CD Reviews


Crystal Castles Crystal Castles II (Fiction)

Sure, they claim to take their name from the background of the ’80s cartoon She-Ra: Princess of Power, but Crystal Castles is anything but childlike. Vocalist Alice Glass and programmer Ethan Kath conjure synthetic landscapes of pain, grief and despair with unmatched compositional finesse. To call this stuff dance music is absurd, since there’s so much dynamic aggression in Glass’ plastic utterances. She goes from vapid Barbie doll to merciless cyber-executioner depending on the song (try “Empathy,” then “Doe Deer”). Her nightmarish delivery captures our disintegrating humanity in the face of technology, crony capitalism and ceaseless imperialism. II is hardly a political album, but it will resonate in the mind of anyone who wonders, as Glass does in the album’s final track, “I’m Made of Chalk,” if that’s, in fact, all we really are. ★★★★☆


Enforcer Diamonds (Heavy Artillery)

Whatever happened to English throwback-metal act The Darkness? In 2003, the band’s “I Believe in a Thing Called Love” became inescapable, its catchy hook and fierce riffs burrowing into the collective pop-culture consciousness. Three years later, the band collapsed, leaving a vacuum. Sweden’s Enforcer, whose sophomore album, Diamonds, deserves a wider audience than boutique label Heavy Artillery can reach, will likely fill it. Enforcer offers pure old-school heavy metal with thrash tendencies and Europe-an (as in the ’80s glam-pop group Europe) vocal lines. The combination is, even to this glam-metal-despising critic, difficult to downplay, as songs such as the fist-pumping “Katana” are the aural equivalent of crack cocaine. There are no power ballads in Diamonds—just rough-and-ready rockers aimed squarely at the Billboard charts … circa 1986. Spray your iPod with AquaNet and light it on fire! ★★★★☆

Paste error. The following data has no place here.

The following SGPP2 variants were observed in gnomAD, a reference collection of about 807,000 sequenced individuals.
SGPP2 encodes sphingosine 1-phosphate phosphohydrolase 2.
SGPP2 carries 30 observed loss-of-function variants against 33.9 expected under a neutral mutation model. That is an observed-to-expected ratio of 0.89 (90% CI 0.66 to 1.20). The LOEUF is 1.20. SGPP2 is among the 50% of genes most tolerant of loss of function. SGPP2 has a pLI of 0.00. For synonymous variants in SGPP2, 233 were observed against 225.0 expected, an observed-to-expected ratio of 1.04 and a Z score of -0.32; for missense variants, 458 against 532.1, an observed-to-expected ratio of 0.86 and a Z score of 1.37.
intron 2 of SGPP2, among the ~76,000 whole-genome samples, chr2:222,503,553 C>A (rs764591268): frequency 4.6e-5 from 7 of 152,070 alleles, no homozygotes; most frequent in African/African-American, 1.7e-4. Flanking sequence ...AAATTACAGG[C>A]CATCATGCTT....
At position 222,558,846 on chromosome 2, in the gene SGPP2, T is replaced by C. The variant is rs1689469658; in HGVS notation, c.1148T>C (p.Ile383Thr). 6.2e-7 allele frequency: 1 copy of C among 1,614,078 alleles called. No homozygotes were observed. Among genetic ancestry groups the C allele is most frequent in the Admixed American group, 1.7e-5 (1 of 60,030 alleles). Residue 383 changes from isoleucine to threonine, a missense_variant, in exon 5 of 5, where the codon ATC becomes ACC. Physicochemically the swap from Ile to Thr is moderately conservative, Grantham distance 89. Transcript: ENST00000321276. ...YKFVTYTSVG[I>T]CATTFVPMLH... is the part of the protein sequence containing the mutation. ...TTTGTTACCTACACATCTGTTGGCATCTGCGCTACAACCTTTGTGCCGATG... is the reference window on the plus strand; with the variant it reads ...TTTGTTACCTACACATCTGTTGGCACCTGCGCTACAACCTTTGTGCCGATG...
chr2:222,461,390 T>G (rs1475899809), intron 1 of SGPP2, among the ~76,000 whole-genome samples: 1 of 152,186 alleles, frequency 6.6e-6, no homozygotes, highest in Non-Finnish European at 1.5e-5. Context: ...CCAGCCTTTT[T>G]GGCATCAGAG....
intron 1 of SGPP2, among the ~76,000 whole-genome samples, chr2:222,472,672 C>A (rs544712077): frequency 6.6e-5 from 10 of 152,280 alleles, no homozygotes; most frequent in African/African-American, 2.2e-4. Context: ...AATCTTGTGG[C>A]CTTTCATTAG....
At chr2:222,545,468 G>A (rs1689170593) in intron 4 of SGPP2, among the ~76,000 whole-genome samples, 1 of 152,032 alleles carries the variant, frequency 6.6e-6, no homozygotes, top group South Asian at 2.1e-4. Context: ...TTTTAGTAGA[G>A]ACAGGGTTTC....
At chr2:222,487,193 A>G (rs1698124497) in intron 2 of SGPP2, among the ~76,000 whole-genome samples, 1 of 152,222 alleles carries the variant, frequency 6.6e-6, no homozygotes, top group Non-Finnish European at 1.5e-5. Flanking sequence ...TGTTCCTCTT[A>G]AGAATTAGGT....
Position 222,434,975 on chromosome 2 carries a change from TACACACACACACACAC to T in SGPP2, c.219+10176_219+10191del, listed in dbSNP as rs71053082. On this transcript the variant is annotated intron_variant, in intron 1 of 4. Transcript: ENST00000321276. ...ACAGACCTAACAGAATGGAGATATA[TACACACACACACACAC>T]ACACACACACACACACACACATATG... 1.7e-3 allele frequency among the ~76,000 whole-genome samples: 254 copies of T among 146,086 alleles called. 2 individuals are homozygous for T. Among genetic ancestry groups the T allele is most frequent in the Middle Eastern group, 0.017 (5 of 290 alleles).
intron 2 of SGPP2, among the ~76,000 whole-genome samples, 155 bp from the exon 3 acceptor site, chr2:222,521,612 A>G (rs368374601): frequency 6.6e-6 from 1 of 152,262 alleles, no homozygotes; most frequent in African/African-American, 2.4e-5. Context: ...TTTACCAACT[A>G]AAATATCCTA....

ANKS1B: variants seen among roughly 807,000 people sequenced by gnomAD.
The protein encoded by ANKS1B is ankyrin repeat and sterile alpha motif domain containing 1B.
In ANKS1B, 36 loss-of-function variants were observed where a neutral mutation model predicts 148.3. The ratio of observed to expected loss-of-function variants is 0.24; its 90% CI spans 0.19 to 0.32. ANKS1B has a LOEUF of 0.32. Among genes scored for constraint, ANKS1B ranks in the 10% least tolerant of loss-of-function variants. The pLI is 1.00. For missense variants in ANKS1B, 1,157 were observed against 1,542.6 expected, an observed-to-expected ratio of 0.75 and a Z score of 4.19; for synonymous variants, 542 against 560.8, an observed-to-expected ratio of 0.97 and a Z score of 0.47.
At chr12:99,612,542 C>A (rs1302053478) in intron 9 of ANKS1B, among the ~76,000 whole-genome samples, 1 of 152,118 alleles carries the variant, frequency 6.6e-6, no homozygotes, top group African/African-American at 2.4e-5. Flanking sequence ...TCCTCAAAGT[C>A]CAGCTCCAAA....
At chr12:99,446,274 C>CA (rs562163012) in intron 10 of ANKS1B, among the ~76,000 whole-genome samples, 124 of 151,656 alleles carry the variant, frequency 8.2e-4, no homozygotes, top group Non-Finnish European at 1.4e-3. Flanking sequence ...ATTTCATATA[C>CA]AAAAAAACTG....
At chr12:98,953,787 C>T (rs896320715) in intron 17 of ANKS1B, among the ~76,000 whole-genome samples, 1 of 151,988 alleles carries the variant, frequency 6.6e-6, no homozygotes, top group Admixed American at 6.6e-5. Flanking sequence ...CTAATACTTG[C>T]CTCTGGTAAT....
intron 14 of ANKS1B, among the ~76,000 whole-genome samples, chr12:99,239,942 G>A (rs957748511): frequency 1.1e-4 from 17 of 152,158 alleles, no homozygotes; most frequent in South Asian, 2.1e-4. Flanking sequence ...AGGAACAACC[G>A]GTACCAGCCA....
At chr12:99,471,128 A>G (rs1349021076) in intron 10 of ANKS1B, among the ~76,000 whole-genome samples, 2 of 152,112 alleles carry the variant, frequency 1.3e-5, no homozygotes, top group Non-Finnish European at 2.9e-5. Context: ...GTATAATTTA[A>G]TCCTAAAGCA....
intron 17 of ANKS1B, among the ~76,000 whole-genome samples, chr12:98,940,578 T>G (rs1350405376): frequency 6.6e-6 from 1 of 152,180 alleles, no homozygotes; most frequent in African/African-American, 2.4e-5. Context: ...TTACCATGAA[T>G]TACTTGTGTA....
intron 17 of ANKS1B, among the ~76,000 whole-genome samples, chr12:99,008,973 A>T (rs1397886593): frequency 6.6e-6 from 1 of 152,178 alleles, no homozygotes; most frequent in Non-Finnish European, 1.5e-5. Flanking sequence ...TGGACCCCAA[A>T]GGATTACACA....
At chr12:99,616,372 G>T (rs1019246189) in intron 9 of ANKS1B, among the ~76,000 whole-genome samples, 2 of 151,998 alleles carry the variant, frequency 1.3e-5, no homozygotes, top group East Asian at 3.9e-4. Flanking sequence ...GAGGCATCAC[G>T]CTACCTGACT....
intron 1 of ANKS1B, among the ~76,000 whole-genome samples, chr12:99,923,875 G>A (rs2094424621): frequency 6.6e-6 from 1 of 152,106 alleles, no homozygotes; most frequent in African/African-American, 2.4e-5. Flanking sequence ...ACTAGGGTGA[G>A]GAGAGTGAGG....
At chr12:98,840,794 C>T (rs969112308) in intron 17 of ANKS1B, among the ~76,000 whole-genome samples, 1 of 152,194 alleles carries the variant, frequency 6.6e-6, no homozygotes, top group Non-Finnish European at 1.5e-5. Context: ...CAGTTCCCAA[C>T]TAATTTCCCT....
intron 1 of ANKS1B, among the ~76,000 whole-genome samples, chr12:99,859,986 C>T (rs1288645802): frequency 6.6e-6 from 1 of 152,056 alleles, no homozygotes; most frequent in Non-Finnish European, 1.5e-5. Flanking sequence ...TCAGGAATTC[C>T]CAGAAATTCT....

Local Release

Minor Suns Minor Suns (Self-released)

Comprising three guitarists who trade off on songwriting and vocals (plus a rotating drummer’s slot), local band Minor Suns made heads turn during their Neon Reverb set back in March. The band has just released its debut, 10 tracks of majestic, bittersweet indie rock that takes listeners from the quiet confines of a bedroom tiff to the riotous din of a mountaintop excavation. Ryan McIlvaine is the romantic one, wearing heartbreak on his sleeve as he croons with a lover to just “say yes.” Jesse Harvel, meanwhile, is cerebral, his clever guitar lines mapped out like interaction graphs. (Check out “Close Second.”) But Jared Luke serves as the band’s cosmic seer: Songs such as the lovely “Rising Sun” sound like the Flying Burrito Brothers being launched into orbit with a space shuttle-full of psychedelic drugs. Difficult to peg, and to quit playing. Download the album for free at ★★★★★

Suggested Next Read

‘Crazy Money’


‘Crazy Money’

On the night of Nov. 15, 2001, George Maloof brought Paris Hilton to the grand opening of the Palms. And as the heiress-turned-reality-TV-star walked the red carpet in a dress made from $1 million in poker chips, a new type of celebrity was born: people paid to party.



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